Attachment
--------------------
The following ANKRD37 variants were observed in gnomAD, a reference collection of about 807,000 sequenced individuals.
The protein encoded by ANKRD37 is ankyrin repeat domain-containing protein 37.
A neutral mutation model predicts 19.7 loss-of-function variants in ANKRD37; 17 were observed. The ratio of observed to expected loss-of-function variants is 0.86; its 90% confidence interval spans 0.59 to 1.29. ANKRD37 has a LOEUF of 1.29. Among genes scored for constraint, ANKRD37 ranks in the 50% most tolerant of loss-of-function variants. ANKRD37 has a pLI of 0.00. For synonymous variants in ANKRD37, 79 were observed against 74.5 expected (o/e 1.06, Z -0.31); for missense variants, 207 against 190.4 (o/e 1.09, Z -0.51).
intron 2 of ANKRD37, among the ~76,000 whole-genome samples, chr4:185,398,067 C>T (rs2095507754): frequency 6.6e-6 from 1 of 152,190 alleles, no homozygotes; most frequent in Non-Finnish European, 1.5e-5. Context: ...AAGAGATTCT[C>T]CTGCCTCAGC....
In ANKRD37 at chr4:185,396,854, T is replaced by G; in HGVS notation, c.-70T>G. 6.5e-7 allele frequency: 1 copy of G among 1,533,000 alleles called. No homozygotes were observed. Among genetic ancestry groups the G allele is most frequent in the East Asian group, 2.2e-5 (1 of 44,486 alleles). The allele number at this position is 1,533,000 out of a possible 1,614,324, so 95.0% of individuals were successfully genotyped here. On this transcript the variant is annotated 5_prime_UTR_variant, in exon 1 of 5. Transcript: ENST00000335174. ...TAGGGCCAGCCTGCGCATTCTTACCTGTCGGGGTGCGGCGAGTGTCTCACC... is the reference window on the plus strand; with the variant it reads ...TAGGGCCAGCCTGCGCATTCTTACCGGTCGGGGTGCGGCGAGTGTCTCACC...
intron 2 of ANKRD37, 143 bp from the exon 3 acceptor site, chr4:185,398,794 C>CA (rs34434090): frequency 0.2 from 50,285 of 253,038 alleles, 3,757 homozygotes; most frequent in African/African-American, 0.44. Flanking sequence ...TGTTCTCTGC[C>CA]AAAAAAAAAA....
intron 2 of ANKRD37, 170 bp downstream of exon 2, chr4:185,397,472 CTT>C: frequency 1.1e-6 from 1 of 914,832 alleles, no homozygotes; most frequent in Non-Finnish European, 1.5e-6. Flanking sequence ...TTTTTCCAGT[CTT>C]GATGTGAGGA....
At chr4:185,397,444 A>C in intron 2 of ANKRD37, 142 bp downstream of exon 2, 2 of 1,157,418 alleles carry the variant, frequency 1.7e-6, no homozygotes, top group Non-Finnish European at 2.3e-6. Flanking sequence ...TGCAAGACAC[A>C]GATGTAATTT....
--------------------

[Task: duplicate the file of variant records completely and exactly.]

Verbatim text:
The following ANKRD37 variants were observed in gnomAD, a reference collection of about 807,000 sequenced individuals.
The protein encoded by ANKRD37 is ankyrin repeat domain-containing protein 37.
A neutral mutation model predicts 19.7 loss-of-function variants in ANKRD37; 17 were observed. The ratio of observed to expected loss-of-function variants is 0.86; its 90% confidence interval spans 0.59 to 1.29. ANKRD37 has a LOEUF of 1.29. Among genes scored for constraint, ANKRD37 ranks in the 50% most tolerant of loss-of-function variants. ANKRD37 has a pLI of 0.00. For synonymous variants in ANKRD37, 79 were observed against 74.5 expected (o/e 1.06, Z -0.31); for missense variants, 207 against 190.4 (o/e 1.09, Z -0.51).
intron 2 of ANKRD37, among the ~76,000 whole-genome samples, chr4:185,398,067 C>T (rs2095507754): frequency 6.6e-6 from 1 of 152,190 alleles, no homozygotes; most frequent in Non-Finnish European, 1.5e-5. Context: ...AAGAGATTCT[C>T]CTGCCTCAGC....
In ANKRD37 at chr4:185,396,854, T is replaced by G; in HGVS notation, c.-70T>G. 6.5e-7 allele frequency: 1 copy of G among 1,533,000 alleles called. No homozygotes were observed. Among genetic ancestry groups the G allele is most frequent in the East Asian group, 2.2e-5 (1 of 44,486 alleles). The allele number at this position is 1,533,000 out of a possible 1,614,324, so 95.0% of individuals were successfully genotyped here. On this transcript the variant is annotated 5_prime_UTR_variant, in exon 1 of 5. Transcript: ENST00000335174. ...TAGGGCCAGCCTGCGCATTCTTACCTGTCGGGGTGCGGCGAGTGTCTCACC... is the reference window on the plus strand; with the variant it reads ...TAGGGCCAGCCTGCGCATTCTTACCGGTCGGGGTGCGGCGAGTGTCTCACC...
intron 2 of ANKRD37, 143 bp from the exon 3 acceptor site, chr4:185,398,794 C>CA (rs34434090): frequency 0.2 from 50,285 of 253,038 alleles, 3,757 homozygotes; most frequent in African/African-American, 0.44. Flanking sequence ...TGTTCTCTGC[C>CA]AAAAAAAAAA....
intron 2 of ANKRD37, 170 bp downstream of exon 2, chr4:185,397,472 CTT>C: frequency 1.1e-6 from 1 of 914,832 alleles, no homozygotes; most frequent in Non-Finnish European, 1.5e-6. Flanking sequence ...TTTTTCCAGT[CTT>C]GATGTGAGGA....
At chr4:185,397,444 A>C in intron 2 of ANKRD37, 142 bp downstream of exon 2, 2 of 1,157,418 alleles carry the variant, frequency 1.7e-6, no homozygotes, top group Non-Finnish European at 2.3e-6. Flanking sequence ...TGCAAGACAC[A>C]GATGTAATTT....